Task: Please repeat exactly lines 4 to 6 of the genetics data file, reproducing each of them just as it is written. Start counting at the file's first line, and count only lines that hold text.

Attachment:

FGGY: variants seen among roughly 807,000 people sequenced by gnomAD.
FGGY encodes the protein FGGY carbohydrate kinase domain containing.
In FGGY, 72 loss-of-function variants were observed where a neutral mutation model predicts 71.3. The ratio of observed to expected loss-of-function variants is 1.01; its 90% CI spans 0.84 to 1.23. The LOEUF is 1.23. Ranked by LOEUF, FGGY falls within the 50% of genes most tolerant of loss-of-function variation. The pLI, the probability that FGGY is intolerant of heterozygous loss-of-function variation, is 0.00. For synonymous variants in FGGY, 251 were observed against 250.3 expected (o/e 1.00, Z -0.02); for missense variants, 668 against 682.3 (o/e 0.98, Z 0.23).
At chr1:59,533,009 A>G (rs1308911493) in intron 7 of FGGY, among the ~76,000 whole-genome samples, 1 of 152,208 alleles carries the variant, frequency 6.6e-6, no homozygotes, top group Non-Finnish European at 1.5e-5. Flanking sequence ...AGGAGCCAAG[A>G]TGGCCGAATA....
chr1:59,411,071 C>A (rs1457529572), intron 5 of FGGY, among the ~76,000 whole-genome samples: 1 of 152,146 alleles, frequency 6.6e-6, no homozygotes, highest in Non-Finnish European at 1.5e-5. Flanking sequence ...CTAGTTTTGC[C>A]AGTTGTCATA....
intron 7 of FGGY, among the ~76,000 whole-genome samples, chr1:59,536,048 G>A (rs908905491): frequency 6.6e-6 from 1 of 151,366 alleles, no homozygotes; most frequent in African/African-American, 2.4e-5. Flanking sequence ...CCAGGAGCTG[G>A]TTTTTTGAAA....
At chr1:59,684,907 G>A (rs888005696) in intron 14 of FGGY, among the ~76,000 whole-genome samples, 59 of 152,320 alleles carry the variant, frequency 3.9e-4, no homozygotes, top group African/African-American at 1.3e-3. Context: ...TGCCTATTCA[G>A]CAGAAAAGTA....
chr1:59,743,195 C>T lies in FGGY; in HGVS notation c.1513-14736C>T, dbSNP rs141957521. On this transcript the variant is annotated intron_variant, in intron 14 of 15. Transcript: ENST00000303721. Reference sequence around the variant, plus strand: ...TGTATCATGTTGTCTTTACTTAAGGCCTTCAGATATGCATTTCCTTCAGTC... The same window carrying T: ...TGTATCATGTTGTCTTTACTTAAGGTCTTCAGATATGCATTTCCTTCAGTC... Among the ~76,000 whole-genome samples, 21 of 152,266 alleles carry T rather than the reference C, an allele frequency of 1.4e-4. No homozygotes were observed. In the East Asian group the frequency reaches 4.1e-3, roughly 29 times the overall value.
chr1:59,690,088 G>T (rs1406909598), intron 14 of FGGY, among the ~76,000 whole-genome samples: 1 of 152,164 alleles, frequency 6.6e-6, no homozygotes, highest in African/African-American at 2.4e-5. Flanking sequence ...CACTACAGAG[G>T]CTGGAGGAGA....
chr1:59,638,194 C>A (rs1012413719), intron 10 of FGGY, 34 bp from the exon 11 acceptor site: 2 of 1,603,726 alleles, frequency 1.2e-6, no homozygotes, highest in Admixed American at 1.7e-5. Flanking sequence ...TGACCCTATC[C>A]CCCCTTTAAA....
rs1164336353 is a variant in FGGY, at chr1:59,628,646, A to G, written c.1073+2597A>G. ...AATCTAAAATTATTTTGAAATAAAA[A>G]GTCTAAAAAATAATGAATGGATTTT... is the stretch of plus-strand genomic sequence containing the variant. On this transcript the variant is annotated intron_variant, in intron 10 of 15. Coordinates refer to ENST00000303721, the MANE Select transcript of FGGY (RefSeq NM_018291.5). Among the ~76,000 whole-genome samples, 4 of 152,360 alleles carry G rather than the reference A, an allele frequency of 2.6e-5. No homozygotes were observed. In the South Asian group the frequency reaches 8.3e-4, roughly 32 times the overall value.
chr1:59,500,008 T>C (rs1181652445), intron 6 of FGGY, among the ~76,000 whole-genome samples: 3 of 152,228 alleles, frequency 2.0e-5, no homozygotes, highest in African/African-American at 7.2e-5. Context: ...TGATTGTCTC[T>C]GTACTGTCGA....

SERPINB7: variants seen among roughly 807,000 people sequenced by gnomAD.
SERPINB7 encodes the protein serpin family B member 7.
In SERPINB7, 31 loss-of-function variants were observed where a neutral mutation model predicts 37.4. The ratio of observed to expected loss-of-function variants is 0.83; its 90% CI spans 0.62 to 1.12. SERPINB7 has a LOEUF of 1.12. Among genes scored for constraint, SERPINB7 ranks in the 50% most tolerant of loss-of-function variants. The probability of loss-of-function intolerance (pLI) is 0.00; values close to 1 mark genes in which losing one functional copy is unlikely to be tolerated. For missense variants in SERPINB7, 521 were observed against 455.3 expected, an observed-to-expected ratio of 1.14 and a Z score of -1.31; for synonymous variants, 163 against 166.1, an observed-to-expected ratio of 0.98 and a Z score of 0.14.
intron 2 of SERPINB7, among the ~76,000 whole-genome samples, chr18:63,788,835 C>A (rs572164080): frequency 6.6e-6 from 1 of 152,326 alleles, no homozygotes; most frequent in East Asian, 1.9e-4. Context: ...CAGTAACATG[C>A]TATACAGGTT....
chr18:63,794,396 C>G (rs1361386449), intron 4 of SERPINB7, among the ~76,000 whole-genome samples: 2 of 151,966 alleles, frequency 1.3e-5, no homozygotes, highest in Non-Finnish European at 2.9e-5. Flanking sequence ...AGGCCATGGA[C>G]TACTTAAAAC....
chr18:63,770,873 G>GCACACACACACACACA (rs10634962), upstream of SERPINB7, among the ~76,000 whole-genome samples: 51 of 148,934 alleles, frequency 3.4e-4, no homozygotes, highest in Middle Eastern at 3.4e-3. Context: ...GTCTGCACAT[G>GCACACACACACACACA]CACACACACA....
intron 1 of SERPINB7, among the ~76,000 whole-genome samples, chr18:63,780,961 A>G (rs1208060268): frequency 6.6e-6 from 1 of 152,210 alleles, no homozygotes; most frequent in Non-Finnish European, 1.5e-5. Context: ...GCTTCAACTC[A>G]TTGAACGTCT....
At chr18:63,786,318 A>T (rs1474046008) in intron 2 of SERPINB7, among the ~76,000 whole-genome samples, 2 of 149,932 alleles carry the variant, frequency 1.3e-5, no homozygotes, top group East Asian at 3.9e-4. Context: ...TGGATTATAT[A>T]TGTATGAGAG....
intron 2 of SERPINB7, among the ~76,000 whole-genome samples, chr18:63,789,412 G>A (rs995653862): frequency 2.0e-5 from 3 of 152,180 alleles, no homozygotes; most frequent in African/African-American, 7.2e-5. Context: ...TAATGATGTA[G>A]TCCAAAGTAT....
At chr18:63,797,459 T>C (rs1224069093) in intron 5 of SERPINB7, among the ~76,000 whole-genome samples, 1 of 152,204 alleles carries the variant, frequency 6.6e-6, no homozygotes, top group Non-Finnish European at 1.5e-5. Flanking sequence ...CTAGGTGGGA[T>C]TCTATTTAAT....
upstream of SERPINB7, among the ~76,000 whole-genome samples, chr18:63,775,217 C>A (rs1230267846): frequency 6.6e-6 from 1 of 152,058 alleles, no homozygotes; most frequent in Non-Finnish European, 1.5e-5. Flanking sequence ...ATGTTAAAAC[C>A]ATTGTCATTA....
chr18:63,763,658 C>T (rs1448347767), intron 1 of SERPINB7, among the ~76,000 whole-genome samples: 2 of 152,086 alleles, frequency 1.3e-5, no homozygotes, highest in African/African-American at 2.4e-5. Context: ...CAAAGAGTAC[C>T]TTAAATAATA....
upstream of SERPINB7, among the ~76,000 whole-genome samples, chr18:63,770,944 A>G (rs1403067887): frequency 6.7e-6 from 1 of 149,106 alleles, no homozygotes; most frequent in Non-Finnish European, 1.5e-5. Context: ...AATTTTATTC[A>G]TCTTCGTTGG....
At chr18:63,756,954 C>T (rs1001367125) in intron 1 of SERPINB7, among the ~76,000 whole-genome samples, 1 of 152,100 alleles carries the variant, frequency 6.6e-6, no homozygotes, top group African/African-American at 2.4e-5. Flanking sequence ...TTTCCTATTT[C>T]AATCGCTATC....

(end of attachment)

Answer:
At chr1:59,533,009 A>G (rs1308911493) in intron 7 of FGGY, among the ~76,000 whole-genome samples, 1 of 152,208 alleles carries the variant, frequency 6.6e-6, no homozygotes, top group Non-Finnish European at 1.5e-5. Flanking sequence ...AGGAGCCAAG[A>G]TGGCCGAATA....
chr1:59,411,071 C>A (rs1457529572), intron 5 of FGGY, among the ~76,000 whole-genome samples: 1 of 152,146 alleles, frequency 6.6e-6, no homozygotes, highest in Non-Finnish European at 1.5e-5. Flanking sequence ...CTAGTTTTGC[C>A]AGTTGTCATA....
intron 7 of FGGY, among the ~76,000 whole-genome samples, chr1:59,536,048 G>A (rs908905491): frequency 6.6e-6 from 1 of 151,366 alleles, no homozygotes; most frequent in African/African-American, 2.4e-5. Flanking sequence ...CCAGGAGCTG[G>A]TTTTTTGAAA....